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Seven Years After Katrina, New Orleans Still Has Defective Pumps Revealed by Whistleblower

Jesselyn Radack, August 28, 2012

Tropical Storm Isaac, on the verge of becoming a hurricane, is headed toward Louisiana. Officials have pronounced New Orleans ready, while at the same time the governor urged people in low-lying areas and places outside of levee protection to leave for safe ground.

The Army Corps of Enginerrs built a $14.5 billion flood protection system. But they have failed to address an independent evaluation by the US Office of Special Counsel (OSC) in 2009 that there are serious safety and reliability issues with hydraulic pumps that were installed in New Orleans after Hurricane Katrina. A tenacious whistleblower and former client, Maria Garzino, is US Army Corps of Engineers ("the Corps") mechanical and civil engineer who revealed the inadequate state of New Orleans' floodwater pumps built by the Corps after Hurricane Katrina. The disclosures, which both the Department of Defense Inspector General’s (DoDIG) office and the Corps fought for years, showcase how New Orleans residents are still in great danger if flooding occurs again. (Also captured vividly in the film The Big Uneasy.)

As the OSC told President Obama in 2009:

There appears to be little logical justification for: (1) restricting the emergency pumping capability . . . to only the untested hydraulic pump systems, (2) not requiring the installation of a reliable pumping system which would adequately protect New Orleans, (3) spending hundreds of millions of dollars to install forty MWI hydraulic pumps which are scheduled to be replaced at a cost of $430 million within 3-5 years. . .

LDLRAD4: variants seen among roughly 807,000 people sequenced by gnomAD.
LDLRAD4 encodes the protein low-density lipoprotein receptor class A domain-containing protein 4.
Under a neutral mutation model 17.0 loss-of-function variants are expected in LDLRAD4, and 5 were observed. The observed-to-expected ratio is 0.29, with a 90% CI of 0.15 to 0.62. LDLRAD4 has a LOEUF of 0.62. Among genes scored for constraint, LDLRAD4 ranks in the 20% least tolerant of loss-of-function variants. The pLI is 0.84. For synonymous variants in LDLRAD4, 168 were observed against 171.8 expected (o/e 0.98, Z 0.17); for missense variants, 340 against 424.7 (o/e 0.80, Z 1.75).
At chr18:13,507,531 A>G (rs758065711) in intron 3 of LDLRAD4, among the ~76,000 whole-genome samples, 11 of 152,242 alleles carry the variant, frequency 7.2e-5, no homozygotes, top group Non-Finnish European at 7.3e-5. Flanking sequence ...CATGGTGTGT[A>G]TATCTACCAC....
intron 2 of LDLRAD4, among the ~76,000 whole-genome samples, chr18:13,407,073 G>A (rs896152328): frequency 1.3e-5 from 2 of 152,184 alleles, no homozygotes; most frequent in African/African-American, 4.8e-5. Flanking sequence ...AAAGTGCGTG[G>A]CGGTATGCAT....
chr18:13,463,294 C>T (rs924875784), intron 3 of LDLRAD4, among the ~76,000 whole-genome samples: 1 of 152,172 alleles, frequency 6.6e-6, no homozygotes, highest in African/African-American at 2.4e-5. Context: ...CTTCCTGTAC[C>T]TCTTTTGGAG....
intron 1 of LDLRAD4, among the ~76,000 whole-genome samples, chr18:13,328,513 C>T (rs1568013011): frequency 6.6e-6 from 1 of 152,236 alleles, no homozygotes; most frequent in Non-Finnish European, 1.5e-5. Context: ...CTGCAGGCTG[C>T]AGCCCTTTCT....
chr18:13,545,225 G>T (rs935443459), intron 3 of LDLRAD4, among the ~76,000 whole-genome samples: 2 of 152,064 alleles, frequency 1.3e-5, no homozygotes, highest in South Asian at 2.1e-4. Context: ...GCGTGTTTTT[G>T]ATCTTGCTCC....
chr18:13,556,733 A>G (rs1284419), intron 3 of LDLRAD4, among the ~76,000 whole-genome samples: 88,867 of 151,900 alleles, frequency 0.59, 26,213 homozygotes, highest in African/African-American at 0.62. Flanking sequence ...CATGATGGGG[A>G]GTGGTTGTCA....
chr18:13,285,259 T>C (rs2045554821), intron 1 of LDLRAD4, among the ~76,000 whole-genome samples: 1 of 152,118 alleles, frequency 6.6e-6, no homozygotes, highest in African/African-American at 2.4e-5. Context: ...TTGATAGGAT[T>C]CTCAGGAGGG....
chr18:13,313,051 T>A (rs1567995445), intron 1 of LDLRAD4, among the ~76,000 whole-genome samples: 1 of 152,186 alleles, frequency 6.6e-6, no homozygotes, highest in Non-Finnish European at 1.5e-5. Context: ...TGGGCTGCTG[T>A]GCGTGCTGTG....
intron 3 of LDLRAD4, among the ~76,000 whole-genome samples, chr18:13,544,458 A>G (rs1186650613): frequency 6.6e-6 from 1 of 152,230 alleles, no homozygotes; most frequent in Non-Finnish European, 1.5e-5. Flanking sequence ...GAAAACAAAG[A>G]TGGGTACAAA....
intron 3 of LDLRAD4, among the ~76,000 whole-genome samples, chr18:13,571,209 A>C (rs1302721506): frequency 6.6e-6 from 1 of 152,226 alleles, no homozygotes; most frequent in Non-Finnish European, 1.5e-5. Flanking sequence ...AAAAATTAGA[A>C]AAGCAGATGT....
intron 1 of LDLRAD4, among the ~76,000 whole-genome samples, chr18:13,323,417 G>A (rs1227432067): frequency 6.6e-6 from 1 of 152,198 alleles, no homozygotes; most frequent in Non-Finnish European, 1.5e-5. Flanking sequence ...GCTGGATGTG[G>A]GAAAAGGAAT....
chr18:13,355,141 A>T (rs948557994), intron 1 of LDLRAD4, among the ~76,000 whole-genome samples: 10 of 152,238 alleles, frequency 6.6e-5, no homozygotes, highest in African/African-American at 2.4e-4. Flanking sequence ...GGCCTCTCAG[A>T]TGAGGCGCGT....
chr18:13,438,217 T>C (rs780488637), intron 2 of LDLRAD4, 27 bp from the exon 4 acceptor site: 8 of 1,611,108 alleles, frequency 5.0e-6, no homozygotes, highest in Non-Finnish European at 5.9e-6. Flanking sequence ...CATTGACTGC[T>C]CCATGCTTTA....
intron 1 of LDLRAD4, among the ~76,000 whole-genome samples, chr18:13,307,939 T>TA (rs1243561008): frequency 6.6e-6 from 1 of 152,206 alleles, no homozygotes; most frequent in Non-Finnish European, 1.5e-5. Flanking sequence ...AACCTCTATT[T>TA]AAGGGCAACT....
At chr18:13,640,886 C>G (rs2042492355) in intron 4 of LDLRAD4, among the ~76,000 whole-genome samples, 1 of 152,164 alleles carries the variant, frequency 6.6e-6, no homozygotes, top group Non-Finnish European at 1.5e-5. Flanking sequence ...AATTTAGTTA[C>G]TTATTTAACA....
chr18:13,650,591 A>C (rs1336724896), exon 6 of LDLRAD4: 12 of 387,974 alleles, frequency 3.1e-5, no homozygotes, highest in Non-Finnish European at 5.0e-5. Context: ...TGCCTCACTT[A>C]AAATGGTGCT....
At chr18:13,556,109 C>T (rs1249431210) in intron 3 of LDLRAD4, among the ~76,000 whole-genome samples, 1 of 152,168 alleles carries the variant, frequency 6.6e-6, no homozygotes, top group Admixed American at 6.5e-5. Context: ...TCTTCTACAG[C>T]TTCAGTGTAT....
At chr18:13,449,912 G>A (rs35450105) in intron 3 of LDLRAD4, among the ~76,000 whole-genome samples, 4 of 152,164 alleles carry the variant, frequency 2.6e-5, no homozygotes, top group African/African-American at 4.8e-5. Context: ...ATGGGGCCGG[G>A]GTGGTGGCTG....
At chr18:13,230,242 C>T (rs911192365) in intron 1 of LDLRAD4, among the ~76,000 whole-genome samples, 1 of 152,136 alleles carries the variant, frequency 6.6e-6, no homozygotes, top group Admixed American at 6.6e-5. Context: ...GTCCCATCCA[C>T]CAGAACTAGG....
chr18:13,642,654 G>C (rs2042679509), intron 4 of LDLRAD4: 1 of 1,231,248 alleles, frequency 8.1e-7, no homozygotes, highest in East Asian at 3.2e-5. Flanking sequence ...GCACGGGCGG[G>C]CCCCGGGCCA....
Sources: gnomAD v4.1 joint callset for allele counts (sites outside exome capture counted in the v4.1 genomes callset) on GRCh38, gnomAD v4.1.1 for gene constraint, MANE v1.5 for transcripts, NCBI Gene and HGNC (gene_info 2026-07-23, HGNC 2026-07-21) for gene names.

(MWI is owned by J. David Eller, once a business partner of former Florida Gov. Jeb Bush in a venture called Bush-El that marketed MWI pumps.)

In February 2011, Garzino wrote a letter to President Obama detailing how the Corps knowingly installed equipment that cannot adequately protect the city of New Orleans from flooding; duplicated work that cost U.S. taxpayers hundreds of millions of dollars; and deliberately deceived Congress as to the nature of and reason for this work.

As Isaac lumbers toward New Orleans, officials are making confident statements on the city's ability to bear up. As Mayor Mitchell Landrieu said,

We know now, based on the latest informationm, which is always subject to change, that we are going to have a hurricane that is going to hit New Orleans . . . [T]here's nothing this storm will bring us that we are not capable of handling.

Yet people are being advised to evacuate.

After Hurricanes Gustav and Ike, the Corps made deceptive and dangerous public pronouncements that pumps had been battle-tested. The U.S. Office of Special Counsel hired an independent expert to evaluate the pumping system, and the expert criticized this assertion because it fails to mention that the pumps were run at low operating speeds and pressures, intermittently, and for short periods during the hurricanes. The Special Counsel’s report and the "black box" information (known technically as "SCADA data") prove the hydraulic pumps were not utilized when canal water levels were highest at the beginning of each storm, not allowed to run at full operating speeds and pressures, and not allowed to run for extended periods of time.  Instead, they were relegated to an "also pumped" status that was then turned into a straw man for hydraulic pump performance that was offered up to the highest levels of the Army Corps. The recorded storm SCADA data shows clearly that the hydraulic pump runs were not examples of pumping performance that replicate what is seen in a real-life hurricane event, but rather examples of what can charitably be called "demonstration" runs.

This information lies buried many clicks deep on the Office of Special Counsel website.  I think the roughly 311,800 people currently living in New Orleans deserve to know where things stand as the seventh anniversary of Hurricane Katrina is marked by the looming Isaac, rather than being led down the garden path that has already been washed away once.

 

Jesselyn Radack is National Security & Human Rights Director for the Government Accountability Project, the nation's leading whistleblower protection and advocacy organization.